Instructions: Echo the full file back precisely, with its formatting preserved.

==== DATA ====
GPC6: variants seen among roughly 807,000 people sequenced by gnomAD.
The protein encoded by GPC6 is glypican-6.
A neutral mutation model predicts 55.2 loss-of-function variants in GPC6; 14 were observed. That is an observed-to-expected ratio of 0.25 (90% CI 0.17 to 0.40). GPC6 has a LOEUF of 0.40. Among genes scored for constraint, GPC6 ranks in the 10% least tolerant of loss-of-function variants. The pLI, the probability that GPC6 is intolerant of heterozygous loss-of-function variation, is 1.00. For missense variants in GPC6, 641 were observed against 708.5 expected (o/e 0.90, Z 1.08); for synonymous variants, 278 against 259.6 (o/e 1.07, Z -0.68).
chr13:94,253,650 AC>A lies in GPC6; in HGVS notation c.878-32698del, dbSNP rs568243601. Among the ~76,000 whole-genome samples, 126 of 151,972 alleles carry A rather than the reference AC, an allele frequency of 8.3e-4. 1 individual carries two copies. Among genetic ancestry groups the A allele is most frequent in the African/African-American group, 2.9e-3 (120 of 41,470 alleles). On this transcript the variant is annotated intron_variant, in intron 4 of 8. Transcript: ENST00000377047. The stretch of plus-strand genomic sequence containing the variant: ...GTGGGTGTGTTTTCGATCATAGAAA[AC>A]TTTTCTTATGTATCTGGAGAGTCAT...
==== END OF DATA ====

GPC6: variants seen among roughly 807,000 people sequenced by gnomAD.
The protein encoded by GPC6 is glypican-6.
A neutral mutation model predicts 55.2 loss-of-function variants in GPC6; 14 were observed. That is an observed-to-expected ratio of 0.25 (90% CI 0.17 to 0.40). GPC6 has a LOEUF of 0.40. Among genes scored for constraint, GPC6 ranks in the 10% least tolerant of loss-of-function variants. The pLI, the probability that GPC6 is intolerant of heterozygous loss-of-function variation, is 1.00. For missense variants in GPC6, 641 were observed against 708.5 expected (o/e 0.90, Z 1.08); for synonymous variants, 278 against 259.6 (o/e 1.07, Z -0.68).
chr13:94,253,650 AC>A lies in GPC6; in HGVS notation c.878-32698del, dbSNP rs568243601. Among the ~76,000 whole-genome samples, 126 of 151,972 alleles carry A rather than the reference AC, an allele frequency of 8.3e-4. 1 individual carries two copies. Among genetic ancestry groups the A allele is most frequent in the African/African-American group, 2.9e-3 (120 of 41,470 alleles). On this transcript the variant is annotated intron_variant, in intron 4 of 8. Transcript: ENST00000377047. The stretch of plus-strand genomic sequence containing the variant: ...GTGGGTGTGTTTTCGATCATAGAAA[AC>A]TTTTCTTATGTATCTGGAGAGTCAT...